Holding Small OneMay 1, 2020
Unseen ForcesApril 30, 2020
Swinging From Both HandsApril 30, 2020
Sitter Holding AnimalApril 30, 2020
FlowApril 29, 2020
Holding a GalaxyFebruary 7, 2018
Dancing LadiesFebruary 7, 2018
ReclinerFebruary 7, 2018
Sitter with Hand over MouthFebruary 7, 2018
Sitter and KneelerFebruary 7, 2018
Sitter with MaskFebruary 7, 2018
One Leaning on AnotherFebruary 7, 2018
In a DreamFebruary 7, 2018
Sitter and Kneeler, Close-UpFebruary 7, 2018
Earth, Water, SkyFebruary 7, 2018
108 PodsFebruary 7, 2018
In her 45-year career, Brown has exhibited in galleries and museums in the United States, Europe, Japan, and China. Her figures and three-dimensional wall installations are represented in prominent private and public collections and are displayed in parks, sculpture gardens, and urban public spaces around the world. She is internationally known for her expertise with wood-fired kilns. In 1998, she co-founded Still Mountain Center, a nonprofit organization that fosters artistic exchange between East and West.
Art is a path of self discovery for me. For 45 years the discipline of clay challenges and nurtures, enriches and transforms my life, taking me to places inside and outside of myself that I never could have imagined. Whether it be pots or sculpture, bronze or ceramic wall reliefs, the forms I make are a tangible reflection and expression of this evolving inner self.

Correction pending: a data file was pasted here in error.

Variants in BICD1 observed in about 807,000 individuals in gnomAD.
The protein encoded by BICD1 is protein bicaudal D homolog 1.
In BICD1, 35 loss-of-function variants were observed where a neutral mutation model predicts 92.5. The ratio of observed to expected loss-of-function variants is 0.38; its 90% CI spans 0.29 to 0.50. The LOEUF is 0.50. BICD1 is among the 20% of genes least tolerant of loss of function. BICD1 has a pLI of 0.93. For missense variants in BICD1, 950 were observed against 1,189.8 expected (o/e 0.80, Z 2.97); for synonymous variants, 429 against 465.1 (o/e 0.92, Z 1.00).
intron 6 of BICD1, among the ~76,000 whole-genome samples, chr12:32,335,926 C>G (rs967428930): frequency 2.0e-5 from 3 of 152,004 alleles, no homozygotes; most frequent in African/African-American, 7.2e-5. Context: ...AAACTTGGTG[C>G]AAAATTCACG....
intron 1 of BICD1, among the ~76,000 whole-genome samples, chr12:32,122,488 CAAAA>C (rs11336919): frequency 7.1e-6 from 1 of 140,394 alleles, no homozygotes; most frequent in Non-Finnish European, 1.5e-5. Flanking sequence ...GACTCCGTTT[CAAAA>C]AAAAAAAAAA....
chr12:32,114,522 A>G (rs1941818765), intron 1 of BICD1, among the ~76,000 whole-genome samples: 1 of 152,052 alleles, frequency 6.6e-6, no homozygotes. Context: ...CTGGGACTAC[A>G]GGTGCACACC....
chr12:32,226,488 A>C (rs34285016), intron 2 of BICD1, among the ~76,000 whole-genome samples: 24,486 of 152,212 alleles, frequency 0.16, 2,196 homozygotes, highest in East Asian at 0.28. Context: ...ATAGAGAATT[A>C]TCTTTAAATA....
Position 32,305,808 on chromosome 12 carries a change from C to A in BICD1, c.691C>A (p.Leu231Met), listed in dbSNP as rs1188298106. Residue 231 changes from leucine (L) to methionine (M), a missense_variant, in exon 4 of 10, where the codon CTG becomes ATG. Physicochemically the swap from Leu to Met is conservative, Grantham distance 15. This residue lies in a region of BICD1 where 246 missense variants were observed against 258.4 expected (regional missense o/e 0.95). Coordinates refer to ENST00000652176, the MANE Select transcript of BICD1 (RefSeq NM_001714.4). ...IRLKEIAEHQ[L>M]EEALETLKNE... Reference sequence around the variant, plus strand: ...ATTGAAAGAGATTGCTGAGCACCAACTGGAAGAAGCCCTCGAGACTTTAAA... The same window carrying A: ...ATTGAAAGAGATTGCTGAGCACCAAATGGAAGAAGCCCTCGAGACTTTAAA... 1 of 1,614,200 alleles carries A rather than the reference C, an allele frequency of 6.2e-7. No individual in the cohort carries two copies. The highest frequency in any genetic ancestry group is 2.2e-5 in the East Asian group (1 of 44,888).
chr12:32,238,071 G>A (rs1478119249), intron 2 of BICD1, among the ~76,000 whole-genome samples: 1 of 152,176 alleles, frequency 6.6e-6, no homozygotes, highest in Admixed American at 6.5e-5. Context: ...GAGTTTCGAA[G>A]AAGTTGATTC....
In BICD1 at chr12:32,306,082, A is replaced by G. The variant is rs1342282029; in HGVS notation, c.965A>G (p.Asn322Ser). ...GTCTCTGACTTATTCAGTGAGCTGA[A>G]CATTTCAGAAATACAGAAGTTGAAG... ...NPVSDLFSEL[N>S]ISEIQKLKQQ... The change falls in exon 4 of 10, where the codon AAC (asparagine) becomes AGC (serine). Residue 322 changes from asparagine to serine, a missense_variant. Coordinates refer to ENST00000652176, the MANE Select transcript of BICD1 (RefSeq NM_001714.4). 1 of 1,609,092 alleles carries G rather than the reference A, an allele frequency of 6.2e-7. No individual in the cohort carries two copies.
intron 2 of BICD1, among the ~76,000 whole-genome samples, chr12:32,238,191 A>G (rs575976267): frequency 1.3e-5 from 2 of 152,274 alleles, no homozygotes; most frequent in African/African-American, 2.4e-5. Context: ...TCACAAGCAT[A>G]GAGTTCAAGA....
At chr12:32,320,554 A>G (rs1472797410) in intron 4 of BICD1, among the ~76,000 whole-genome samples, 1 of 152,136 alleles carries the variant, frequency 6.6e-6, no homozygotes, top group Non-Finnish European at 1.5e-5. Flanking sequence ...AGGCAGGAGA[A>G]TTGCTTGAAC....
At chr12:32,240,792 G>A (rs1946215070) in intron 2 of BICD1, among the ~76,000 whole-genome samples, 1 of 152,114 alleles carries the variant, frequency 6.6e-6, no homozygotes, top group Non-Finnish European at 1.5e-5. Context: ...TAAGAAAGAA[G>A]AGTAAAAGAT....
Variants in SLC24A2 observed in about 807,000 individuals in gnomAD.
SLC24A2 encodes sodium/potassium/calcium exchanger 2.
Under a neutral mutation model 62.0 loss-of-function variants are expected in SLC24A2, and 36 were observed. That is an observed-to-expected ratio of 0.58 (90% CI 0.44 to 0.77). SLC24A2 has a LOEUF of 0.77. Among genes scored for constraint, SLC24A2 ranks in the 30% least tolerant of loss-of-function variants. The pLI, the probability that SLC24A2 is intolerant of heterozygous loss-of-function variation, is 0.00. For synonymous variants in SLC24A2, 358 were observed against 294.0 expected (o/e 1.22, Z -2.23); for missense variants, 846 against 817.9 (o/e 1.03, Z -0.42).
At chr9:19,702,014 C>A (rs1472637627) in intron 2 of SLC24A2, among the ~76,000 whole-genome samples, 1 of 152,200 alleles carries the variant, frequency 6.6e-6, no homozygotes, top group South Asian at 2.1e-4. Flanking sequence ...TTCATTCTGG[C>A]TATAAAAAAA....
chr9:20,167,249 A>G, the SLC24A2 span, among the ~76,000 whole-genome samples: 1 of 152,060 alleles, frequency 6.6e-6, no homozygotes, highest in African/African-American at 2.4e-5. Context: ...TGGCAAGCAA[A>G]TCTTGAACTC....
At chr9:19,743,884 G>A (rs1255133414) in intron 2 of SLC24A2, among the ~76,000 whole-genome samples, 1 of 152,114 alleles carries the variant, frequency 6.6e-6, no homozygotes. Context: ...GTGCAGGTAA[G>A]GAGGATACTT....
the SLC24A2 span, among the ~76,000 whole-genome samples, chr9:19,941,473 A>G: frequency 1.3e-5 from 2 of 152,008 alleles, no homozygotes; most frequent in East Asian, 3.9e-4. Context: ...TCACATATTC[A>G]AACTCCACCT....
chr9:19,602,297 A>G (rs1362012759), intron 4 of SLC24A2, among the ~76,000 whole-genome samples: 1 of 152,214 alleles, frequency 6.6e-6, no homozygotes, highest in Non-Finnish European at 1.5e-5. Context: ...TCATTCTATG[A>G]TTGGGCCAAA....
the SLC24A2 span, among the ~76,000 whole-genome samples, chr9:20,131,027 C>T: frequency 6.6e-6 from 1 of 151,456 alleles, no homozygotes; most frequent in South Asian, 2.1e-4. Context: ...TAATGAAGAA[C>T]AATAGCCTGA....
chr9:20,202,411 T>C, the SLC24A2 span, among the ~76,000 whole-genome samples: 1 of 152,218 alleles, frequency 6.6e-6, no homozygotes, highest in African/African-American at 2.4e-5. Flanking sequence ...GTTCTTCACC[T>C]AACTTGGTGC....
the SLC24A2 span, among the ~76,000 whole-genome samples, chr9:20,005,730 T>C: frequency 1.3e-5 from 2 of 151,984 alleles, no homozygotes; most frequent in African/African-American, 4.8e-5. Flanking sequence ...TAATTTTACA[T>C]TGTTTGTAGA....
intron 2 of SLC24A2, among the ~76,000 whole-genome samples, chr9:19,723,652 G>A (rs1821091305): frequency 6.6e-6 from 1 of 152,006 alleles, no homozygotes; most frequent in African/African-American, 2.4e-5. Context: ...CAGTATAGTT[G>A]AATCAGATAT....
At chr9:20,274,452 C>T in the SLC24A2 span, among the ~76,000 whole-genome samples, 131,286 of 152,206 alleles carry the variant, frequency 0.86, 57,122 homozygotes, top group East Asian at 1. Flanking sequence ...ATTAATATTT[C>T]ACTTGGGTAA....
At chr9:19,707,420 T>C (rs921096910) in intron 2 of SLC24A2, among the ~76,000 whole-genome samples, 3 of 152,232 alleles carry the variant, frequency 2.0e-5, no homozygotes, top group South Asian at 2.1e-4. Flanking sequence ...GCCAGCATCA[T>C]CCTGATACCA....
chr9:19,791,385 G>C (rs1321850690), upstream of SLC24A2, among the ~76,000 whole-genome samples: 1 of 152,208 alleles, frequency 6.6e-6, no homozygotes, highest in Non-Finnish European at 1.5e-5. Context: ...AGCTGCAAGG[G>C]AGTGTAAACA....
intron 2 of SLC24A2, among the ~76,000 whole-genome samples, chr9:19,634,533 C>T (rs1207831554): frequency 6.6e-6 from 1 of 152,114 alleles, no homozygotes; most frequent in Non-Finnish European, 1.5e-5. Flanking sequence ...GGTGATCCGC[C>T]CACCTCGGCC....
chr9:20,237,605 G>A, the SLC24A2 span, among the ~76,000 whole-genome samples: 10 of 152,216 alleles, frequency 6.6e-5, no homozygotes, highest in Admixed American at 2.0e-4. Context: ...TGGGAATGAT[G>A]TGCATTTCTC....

My roots are in pottery as I was trained in a rigorous traditional apprenticeship in clay in Japan. In my practice, for the first year, I was required to make 1000’s of sake cups, only cups, never firing any of them. Not only did this teach me about how to prepare the clay, use the tools, throw a cup on the wheel, dry and trim the cup, but it developed in me an intuitive connection to the clay. This process, as difficult as it was at the time, has had a profound influence on my work. It is a meditation, my mind and thoughts quieting in order to be present with the clay. There is beauty and power in this limitation and repetition, allowing for an organic evolution of the work.
When I come to Continuum practice it feels like home. Like clay is for me, it is a grounding, centering way of being in the world, growing my capacity to be more fully present in body, mind and spirit. As in my sculpture, it is an exploration of the movement in stillness and the unseen connection, energy and flow that exists in the in-between.